Determination of Factors Affecting Glutamate Concentrations in the Whole Blood of Healthy Human Volunteers Academic Article uri icon

abstract

  • Background Abnormally high concentrations of glutamate in brain fluids have been shown to be neurotoxic and correlate with a poor neurological outcome following traumatic brain injury (TBI). Since brain fluid glutamate can be reduced by scavenging blood glutamate, the purpose of this study was to investigate factors that may potentially influence levels of blood glutamate, glucose, and the enzymes glutamate-pyruvate transaminase (GPT) and glutamate-oxaloacetate transaminase (GOT) in healthy individuals. Methods Factors that were examined included age, gender, time of last meal or drink, and recent consumption of coffee. A total of 112 healthy volunteers between 18 and 70 years of age participated in the study. The average participant was 38 years old, and the sample consisted of 48 males and 64 females. Five milliliters of venous blood was collected from participants' cubital vein and blood glutamate, glucose, GOT and GPT levels were determined. Participants were then asked to complete a questionnaire addressing their gender, age, time of last meal, time of last drink, and whether coffee was consumed within the last 6 hours. Results Blood glutamate concentrations were significantly higher in males than in females (P<0.001) and may be due to effects of estrogen and progesterone. Concentrations of GOT were significantly higher in males than in females (P<0.01). Concentrations of GPT were significantly higher in males than in females (P<0.01). There were no other significant differences demonstrated. Conclusions Understanding the factors that affect blood glutamate levels may give new insight into mechanisms that protect the brain from excess glutamate and result in a better neurological outcome following TBI.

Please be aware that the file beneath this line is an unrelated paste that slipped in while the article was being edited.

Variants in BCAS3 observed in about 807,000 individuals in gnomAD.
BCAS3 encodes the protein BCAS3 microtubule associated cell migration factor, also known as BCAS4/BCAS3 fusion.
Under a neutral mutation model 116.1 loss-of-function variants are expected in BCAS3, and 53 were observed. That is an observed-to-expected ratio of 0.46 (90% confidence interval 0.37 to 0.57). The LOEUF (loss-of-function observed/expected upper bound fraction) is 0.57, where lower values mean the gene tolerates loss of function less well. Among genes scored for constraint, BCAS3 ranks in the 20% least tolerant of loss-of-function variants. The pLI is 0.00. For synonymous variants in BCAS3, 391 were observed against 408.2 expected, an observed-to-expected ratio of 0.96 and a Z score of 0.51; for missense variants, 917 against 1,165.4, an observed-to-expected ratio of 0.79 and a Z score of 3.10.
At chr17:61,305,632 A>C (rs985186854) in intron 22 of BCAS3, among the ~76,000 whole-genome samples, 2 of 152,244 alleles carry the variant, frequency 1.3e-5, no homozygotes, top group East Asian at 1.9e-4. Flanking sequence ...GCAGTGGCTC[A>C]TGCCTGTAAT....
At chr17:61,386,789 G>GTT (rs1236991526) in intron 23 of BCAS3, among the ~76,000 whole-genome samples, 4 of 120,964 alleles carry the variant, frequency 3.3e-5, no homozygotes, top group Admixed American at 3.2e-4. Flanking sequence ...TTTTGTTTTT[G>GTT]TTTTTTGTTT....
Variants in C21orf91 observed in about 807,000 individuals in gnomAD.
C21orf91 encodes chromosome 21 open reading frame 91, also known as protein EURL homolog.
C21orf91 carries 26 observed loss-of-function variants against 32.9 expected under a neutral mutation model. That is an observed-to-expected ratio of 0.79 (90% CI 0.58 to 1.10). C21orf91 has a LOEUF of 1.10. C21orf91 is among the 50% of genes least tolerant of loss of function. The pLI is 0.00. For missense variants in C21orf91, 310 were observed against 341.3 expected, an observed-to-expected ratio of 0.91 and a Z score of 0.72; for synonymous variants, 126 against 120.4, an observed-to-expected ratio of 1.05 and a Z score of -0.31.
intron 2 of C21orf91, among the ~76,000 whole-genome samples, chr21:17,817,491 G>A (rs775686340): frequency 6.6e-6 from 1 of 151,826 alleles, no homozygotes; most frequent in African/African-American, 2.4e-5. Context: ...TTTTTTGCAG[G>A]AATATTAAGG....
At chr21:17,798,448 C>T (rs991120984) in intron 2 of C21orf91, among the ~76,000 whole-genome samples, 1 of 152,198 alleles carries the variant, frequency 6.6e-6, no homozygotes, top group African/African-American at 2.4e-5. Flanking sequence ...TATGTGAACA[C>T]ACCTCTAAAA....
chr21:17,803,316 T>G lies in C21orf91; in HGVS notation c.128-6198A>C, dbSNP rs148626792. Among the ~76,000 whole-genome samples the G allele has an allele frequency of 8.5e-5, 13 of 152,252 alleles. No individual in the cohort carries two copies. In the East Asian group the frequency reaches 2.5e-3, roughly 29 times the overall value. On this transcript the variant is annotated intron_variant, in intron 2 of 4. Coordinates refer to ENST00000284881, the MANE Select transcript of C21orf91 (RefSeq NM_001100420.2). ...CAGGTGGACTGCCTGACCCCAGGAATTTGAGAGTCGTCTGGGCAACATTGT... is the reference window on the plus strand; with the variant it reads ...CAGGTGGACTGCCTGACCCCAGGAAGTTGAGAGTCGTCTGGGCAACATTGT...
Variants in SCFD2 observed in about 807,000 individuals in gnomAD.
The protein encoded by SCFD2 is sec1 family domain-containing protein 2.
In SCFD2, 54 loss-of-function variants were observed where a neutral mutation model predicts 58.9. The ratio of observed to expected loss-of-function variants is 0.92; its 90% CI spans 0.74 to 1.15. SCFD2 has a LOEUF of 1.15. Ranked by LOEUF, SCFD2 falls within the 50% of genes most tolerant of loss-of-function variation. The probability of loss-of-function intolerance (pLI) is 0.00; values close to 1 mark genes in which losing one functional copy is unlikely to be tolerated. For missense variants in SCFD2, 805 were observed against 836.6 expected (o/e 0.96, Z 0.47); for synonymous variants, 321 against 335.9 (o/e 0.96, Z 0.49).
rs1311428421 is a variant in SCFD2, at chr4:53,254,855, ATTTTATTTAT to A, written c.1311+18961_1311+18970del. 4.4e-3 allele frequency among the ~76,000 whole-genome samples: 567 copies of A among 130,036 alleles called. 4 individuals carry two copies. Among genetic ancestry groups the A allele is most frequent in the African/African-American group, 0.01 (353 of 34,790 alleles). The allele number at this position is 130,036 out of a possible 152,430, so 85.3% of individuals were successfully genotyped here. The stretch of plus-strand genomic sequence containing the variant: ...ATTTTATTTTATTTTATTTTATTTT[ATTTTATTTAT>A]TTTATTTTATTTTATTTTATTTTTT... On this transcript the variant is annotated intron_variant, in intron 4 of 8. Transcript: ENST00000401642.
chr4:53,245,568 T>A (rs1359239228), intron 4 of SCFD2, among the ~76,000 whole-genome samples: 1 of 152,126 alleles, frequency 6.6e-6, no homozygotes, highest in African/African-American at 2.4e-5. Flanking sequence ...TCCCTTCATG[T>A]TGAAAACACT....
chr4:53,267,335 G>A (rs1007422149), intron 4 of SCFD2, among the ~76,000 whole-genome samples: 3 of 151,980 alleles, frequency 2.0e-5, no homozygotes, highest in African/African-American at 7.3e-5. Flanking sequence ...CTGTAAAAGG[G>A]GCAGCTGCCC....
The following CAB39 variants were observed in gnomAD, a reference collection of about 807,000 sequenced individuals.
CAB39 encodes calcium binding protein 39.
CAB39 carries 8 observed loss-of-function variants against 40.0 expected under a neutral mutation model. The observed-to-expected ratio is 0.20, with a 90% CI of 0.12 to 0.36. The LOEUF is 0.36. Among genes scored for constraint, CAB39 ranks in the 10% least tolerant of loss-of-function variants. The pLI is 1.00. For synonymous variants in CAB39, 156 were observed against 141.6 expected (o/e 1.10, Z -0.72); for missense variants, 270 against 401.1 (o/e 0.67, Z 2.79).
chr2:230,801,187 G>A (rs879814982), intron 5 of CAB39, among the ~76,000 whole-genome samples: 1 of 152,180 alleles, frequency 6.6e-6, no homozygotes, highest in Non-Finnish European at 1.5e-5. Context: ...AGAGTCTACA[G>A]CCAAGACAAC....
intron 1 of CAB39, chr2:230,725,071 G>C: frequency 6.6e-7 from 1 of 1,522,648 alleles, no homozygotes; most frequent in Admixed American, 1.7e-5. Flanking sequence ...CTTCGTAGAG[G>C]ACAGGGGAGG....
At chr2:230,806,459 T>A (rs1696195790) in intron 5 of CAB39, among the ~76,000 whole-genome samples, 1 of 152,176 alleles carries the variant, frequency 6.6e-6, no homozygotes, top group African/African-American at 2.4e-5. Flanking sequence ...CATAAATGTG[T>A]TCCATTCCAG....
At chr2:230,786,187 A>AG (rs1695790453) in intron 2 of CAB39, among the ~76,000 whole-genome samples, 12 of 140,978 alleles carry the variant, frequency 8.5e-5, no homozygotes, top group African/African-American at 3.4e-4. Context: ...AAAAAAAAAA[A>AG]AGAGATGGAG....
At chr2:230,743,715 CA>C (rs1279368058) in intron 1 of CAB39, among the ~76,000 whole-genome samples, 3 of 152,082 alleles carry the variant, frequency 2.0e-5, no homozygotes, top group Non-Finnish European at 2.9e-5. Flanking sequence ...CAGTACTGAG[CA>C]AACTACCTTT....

publication date

  • January 1, 2011